Tracey Epps, the lawyer who provided the National Party with the legal advice regarding their controversial tax scheme on foreign house buyers is a former Chapman Tripp and Foreign Affairs international tax expert.
Based in Wellington with her own firm, Epps has expertise spanning trade and investment matters including treaty negotiations and agreements.
The National tax plan has given rise to intense scrutiny and criticism over the apparent lack of transparency over its veracity, but on the TVNZ Q&A show, National finance spokesperson Nicola Willis showed the letter from Epps, which provided the legal advice on the tax plan’s legal compliance.
Epps comes with high credibility with her career spanning government, private practice, and academic work, which are detailed on her firm website.
She holds an LLM and SJD from the University of Toronto, as well as a BA/LLB(Hons) from the University of Auckland. She taught trade and international investment law at Otago University and commenced her advisory career in healthcare consulting through PriceWaterhouseCoopers and with IBM in Canada.
Her international trade experience was developed through her work as legal counsel during the Trans-Pacific Partnership (TPP) negotiations from 2010 to 2016.
She handles arbitration, educational, consultancy and advisory work in the trade arena, including recently working with the New Zealand dairy industry on the CPTPP dispute brought by New Zealand against Canada regarding Canada’s administration of dairy tariff rate quotas.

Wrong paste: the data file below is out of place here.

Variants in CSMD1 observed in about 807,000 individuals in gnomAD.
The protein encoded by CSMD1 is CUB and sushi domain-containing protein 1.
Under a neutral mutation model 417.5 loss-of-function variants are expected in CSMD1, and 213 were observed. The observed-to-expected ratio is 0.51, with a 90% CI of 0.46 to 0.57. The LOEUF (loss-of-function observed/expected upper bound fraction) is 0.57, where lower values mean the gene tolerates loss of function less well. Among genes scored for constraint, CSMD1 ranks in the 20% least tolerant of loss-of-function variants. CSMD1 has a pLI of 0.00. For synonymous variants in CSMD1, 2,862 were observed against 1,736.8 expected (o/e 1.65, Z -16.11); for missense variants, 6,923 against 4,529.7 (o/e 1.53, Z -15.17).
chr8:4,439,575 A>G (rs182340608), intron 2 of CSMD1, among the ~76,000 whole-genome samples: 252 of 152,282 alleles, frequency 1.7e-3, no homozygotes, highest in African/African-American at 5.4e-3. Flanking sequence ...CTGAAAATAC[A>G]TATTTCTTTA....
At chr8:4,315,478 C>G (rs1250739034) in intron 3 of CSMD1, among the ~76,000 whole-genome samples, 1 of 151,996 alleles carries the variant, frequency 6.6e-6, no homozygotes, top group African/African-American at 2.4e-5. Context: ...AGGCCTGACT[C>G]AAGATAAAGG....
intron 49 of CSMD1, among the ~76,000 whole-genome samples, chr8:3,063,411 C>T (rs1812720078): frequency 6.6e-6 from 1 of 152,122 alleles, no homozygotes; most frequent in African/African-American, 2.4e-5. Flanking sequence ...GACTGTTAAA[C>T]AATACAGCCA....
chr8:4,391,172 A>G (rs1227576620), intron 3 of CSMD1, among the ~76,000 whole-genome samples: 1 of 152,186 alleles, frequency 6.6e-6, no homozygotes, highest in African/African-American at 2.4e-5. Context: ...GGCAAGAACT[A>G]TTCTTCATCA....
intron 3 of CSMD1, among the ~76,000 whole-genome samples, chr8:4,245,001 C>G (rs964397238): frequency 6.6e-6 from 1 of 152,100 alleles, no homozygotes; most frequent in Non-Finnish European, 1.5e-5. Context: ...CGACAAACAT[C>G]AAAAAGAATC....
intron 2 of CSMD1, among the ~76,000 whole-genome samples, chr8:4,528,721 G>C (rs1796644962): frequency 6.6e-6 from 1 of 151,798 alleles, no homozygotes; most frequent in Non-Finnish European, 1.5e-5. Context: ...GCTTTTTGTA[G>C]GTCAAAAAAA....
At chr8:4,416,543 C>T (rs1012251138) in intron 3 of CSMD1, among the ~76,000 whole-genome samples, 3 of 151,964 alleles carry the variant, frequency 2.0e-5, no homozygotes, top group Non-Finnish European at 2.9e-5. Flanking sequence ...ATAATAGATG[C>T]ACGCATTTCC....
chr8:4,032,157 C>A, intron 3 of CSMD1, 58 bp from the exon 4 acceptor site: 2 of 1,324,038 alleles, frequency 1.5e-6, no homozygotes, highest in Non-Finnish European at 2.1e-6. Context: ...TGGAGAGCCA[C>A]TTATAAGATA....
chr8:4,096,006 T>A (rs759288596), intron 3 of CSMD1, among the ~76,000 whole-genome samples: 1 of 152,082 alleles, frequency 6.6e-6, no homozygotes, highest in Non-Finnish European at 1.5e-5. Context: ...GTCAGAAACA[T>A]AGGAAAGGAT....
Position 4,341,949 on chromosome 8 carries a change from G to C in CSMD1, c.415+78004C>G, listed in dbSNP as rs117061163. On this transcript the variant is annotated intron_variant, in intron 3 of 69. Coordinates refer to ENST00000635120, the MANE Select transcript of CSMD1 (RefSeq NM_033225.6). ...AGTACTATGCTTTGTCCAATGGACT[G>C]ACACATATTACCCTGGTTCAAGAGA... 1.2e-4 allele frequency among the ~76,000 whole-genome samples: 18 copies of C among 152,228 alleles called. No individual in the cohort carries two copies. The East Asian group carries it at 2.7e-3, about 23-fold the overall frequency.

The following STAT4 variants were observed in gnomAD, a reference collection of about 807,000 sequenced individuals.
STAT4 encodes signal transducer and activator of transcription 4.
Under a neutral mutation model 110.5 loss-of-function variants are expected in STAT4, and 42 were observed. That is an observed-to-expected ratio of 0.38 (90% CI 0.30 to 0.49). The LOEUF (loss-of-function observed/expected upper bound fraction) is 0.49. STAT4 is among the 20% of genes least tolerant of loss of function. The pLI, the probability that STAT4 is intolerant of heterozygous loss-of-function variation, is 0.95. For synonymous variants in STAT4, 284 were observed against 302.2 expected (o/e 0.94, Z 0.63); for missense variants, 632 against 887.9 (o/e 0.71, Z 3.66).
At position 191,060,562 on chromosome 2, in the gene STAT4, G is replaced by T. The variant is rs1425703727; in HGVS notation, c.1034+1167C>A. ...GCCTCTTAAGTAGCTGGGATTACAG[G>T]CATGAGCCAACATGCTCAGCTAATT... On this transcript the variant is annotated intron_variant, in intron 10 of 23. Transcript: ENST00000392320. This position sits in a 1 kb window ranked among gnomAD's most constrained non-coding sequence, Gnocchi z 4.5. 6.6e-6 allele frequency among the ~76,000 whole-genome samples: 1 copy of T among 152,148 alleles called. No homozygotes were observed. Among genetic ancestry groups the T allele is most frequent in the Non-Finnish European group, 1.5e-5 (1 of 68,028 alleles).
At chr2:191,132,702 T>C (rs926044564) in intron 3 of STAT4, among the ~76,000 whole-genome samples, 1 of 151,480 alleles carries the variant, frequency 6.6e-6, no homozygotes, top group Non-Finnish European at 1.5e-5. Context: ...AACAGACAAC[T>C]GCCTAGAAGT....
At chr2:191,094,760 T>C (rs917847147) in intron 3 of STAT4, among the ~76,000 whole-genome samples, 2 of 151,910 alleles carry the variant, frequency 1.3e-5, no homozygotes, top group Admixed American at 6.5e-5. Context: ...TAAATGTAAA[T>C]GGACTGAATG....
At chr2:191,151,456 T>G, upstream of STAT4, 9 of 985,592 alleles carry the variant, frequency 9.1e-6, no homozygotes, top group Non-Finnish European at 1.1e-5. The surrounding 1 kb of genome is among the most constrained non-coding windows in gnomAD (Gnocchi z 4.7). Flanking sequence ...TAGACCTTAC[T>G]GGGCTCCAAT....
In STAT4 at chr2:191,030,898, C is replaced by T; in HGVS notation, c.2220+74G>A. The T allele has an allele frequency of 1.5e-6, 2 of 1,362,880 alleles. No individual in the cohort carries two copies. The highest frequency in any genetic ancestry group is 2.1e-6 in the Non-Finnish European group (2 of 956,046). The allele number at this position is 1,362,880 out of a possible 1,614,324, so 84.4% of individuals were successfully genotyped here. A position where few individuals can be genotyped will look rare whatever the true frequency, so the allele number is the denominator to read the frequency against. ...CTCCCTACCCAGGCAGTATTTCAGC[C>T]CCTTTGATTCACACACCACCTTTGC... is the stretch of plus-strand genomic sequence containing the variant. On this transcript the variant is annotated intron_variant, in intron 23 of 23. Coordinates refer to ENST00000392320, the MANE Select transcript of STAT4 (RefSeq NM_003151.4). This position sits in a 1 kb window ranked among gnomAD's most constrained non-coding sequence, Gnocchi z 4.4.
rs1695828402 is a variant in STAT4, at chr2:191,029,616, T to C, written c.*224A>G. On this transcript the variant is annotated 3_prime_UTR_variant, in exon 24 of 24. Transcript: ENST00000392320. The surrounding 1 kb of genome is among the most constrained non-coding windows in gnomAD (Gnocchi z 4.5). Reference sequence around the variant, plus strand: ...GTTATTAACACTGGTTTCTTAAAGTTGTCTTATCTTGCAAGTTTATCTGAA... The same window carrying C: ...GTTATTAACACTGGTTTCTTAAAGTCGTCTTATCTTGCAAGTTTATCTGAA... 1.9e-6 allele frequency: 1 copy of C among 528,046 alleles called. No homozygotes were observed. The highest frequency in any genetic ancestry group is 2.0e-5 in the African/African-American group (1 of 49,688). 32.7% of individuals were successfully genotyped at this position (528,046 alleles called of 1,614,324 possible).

From 2016 to 2021 she helmed the International Trade Law Practice at Chapman Tripp.
According to Attorney General David Parker, the advice provided to National wrongly focused upon international trade agreements, rather than tax treaties.
“It could put us in breach of both our trade agreements, and our agreements in respect of double tax agreements,” he told Radio New Zealand.
He specifically singled out China, saying a non-discrimination article in the double tax agreement between New Zealand and China would exclude China from taxes of every kind and description, making National’s income projections meaningless.
National trade spokesperson Todd McClay had sought advice from Epps, who looked at the AANZFTA, RCEP, CPTPP, EU, China, Korea, and UK Free Trade Agreements to see whether there was justification for charging the tax (or a ‘fee’) and her advice was that there was “policy space” within many of the FTAs to justify such charges.
“New Zealand should not be criticised by its trading partners for imposing the fee, although the prospect cannot be ruled out completely,” Epps said.
She argued the move would actually be liberalising by allowing the investment, albeit with the tax, due to partially removing the ban.
Her advice acknowledged China could apply the most-favoured-nation clause in the FTA to argue it was entitled to better treatment New Zealand provides to investors from other countries in FTAs signed after the signing of the China FTA.
“However… New Zealand will not be obliged to exempt any investors from payment of the proposed fee, other than Singaporeans and Australians. More favourable treatment for Singaporeans and Australians pre-dates the China FTA, which means that there is no qualifying [better] treatment to accord to Chinese investors,” she said.